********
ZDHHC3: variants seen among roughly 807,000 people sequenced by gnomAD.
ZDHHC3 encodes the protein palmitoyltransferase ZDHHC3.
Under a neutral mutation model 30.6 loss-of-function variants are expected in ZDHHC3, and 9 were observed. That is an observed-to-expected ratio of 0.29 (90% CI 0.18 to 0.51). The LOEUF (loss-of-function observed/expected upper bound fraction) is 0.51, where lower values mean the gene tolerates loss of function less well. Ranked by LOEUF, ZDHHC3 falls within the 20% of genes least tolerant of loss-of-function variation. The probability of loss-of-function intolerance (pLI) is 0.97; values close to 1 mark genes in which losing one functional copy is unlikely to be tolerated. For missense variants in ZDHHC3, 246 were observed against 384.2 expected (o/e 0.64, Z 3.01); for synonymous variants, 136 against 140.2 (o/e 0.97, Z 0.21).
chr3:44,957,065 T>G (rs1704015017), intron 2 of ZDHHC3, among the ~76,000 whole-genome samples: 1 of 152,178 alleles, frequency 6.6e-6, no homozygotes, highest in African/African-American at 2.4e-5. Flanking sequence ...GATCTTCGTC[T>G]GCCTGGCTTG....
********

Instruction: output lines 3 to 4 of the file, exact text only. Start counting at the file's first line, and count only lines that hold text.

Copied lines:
Under a neutral mutation model 30.6 loss-of-function variants are expected in ZDHHC3, and 9 were observed. That is an observed-to-expected ratio of 0.29 (90% CI 0.18 to 0.51). The LOEUF (loss-of-function observed/expected upper bound fraction) is 0.51, where lower values mean the gene tolerates loss of function less well. Ranked by LOEUF, ZDHHC3 falls within the 20% of genes least tolerant of loss-of-function variation. The probability of loss-of-function intolerance (pLI) is 0.97; values close to 1 mark genes in which losing one functional copy is unlikely to be tolerated. For missense variants in ZDHHC3, 246 were observed against 384.2 expected (o/e 0.64, Z 3.01); for synonymous variants, 136 against 140.2 (o/e 0.97, Z 0.21).
chr3:44,957,065 T>G (rs1704015017), intron 2 of ZDHHC3, among the ~76,000 whole-genome samples: 1 of 152,178 alleles, frequency 6.6e-6, no homozygotes, highest in African/African-American at 2.4e-5. Flanking sequence ...GATCTTCGTC[T>G]GCCTGGCTTG....